If PCH isn't allowed to give their purchasers better odds, then it's deceptive of them to suggest that buying magazines might improve those odds. It's a lie. And if they've actually done this (I haven't actually read their packets in some years - I got burnout), then I approve of a court ordering them to clean up their act.

But if someone came into court and said, "Hey, I thought these people wanted to put me in a contest to win lots of money, but what they really wanted to do was sell me magazine subscriptions!" they'd be laughed out of the building. You are expected to know that PCH makes its money by selling you stuff. You are expected to read the fine print and know how horribly, mathematically atrocious your odds of winning are. PCH, for their part, is obligated to provide you with those odds. See the distinction? If they don't give you the odds correctly, they're negligent and liable; if you don't read them and absorb them, you're just being stupid.

I hope no one has any illusions about what advertising is, or what it is trying to do. I hope that no one really believes that using the new toothpaste will instantly net you a sexy new boy/girlfriend. And presumably no articles will appear in Brill's about this.

What an advertiser can't do is make explicit claims that the product does something it can't do. "Explicit" is the key word. If the toothpaste commercial shows the hero/ine walking off arm-in-arm with his/her new flame, that's okay - but if the ad claims aloud, or in print, "Gets you a new lover within five days!" that's a lawsuit.

All told, my problem with reporting on bias - and therefore, my problem with much of Brill's - is that I assume everyone and everything has biases of some sort ... and that, furthermore, those biases are usually quite obvious to any bystander. So what good does commenting on them do? Maybe to make people aware of them who weren't before - but, again, is there anyone who doesn't know what McDonald's agenda is, or NBC's, or Paramount's?

Only journalists - and I mean news journalists, not feature writers or columnists or others like that - have to keep their writing free of bias. Only journalists should have to answer to the kinds of accusations Brill's is good at firing off. And, despite all of this ranting and raving, I do not dislike Brill's - on principle. I just wish they'd confine themselves to journalism, where they might be useful, instead of stirring the muck where they're not applicable.

But I don't see anything in their Declaration about "not looking under the wrong rugs," so I guess they're not being deceptive. By my own standards, I can't complain.

By Brill's standards, I just did.


[March 2007:] Brill's Content closed in 2001. Apparently - I learned later - a number of the sins of the magazine were actually sins of its founder, Steven Brill. I'm not going to go further than that on my own, because here's a Michael Wolff column from New York magazine in September 1998, which more or less says everything I'd have wanted to say. (Brill's people decided they wanted to harass Wolff over his new book. When Wolff decided, bemusedly, to watch the watchmen, Brill was markedly unamused - a man who can give but not take.)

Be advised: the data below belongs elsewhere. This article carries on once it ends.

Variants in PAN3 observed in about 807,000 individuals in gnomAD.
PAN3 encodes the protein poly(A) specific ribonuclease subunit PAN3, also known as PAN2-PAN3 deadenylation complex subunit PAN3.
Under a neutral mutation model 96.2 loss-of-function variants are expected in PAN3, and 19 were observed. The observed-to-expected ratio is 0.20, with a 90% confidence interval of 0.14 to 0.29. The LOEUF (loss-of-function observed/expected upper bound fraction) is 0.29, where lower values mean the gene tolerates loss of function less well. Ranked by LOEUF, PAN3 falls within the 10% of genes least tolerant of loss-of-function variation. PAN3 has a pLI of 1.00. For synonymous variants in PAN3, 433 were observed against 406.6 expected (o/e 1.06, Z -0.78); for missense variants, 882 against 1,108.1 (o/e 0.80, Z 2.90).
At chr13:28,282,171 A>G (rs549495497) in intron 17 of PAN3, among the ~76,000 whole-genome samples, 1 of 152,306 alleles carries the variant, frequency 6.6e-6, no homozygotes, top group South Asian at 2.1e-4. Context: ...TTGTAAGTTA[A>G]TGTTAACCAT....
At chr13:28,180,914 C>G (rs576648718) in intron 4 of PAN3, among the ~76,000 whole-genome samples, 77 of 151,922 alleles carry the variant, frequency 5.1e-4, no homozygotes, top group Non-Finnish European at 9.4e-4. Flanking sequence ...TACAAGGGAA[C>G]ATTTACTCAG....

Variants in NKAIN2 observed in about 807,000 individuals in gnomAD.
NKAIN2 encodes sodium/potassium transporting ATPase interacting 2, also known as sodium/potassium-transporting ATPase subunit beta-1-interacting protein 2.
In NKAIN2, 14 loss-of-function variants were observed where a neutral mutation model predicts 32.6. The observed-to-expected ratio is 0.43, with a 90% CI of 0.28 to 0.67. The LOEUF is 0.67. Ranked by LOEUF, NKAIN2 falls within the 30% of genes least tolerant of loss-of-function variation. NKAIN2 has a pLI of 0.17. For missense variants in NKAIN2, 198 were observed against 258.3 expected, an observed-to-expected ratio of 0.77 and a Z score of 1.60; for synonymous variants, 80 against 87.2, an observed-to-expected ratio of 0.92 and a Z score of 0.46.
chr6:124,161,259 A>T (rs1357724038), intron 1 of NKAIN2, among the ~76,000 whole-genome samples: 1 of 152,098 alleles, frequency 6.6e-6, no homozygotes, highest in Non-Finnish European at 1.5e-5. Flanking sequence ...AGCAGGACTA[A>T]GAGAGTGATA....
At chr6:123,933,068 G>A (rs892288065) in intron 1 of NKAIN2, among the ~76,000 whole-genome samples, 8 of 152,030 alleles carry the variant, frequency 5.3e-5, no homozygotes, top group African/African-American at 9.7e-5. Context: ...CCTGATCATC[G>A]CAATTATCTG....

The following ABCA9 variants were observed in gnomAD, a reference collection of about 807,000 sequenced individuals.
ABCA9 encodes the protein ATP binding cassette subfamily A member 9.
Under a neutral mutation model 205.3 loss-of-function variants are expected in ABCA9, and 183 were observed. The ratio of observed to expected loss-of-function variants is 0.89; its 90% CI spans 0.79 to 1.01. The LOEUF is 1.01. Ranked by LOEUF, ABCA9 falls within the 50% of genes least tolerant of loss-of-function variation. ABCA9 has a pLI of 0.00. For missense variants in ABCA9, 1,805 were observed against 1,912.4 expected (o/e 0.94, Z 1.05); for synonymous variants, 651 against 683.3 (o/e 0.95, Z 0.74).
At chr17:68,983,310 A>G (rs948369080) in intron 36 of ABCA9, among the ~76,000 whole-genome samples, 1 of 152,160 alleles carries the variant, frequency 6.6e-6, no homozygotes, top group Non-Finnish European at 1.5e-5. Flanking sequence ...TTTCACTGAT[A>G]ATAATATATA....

A couple of key quotes, mostly because I'm amazed to find the Wolff article still available at this late date and don't assume it will remain so:

The editorial proposition of the magazine is that we all want to know about how the media works. The subtext is that journalists are such a despised class that large numbers of people will buy a magazine that rebukes them. "Journalists are probably the only people on the planet who make lawyers look good," says the magazine's chairman, CEO, publisher, and editor, Steven Brill, whose earlier entrepreneurial effort was a magazine about lawyers.

[...] It wasn't just lawyers whom he antagonized, either. The magazine New York Woman ran a story about the worst places for women to work, flatly stating that the story did not include jobs "inherently loathsome for men and for women, such as working in a subway booth, scrubbing floors or working for Steven Brill [...]"

Brill's other big media project was Court TV, which at least has no hypocrisy about what it sells: Scandal. (They are the people who back The Smoking Gun, among other things.) By the by, Brill no longer is involved with Court TV - which may be why it's still around. Another chunk of Wolff:

A year ago, having decided it did not want his legal publications and did not want him to run Court TV, Time Warner ousted Brill with a reported $20 million payoff for his remaining stake - in media-mogul terms, a relative pittance. Certainly not enough to buy yourself another company.

With the help of Howard Milstein, of the real-estate Milsteins, investment banker Lester Pollack, and Barry Diller (can you run a media-watchdog magazine when your partner is a media mogul?), Brill began Brill's Content.

"Once you come up with a couple of ideas that work, people will usually finance the next one no matter how dumb it is," Brill told the New York Times.

And certainly on its magazine-business basics, Brill's Content is dumb. Try finding 500,000 subscribers to a magazine about ethical conduct. In fact, the idea is so dumb that you have to assume there is another strategy here beyond circulation and advertising.

It is always reassuring to me when someone with better credentials than I have smells a rat in the same place I do.

Anyway, it's gone now, so all this is just a note for posterity.

and now back to our program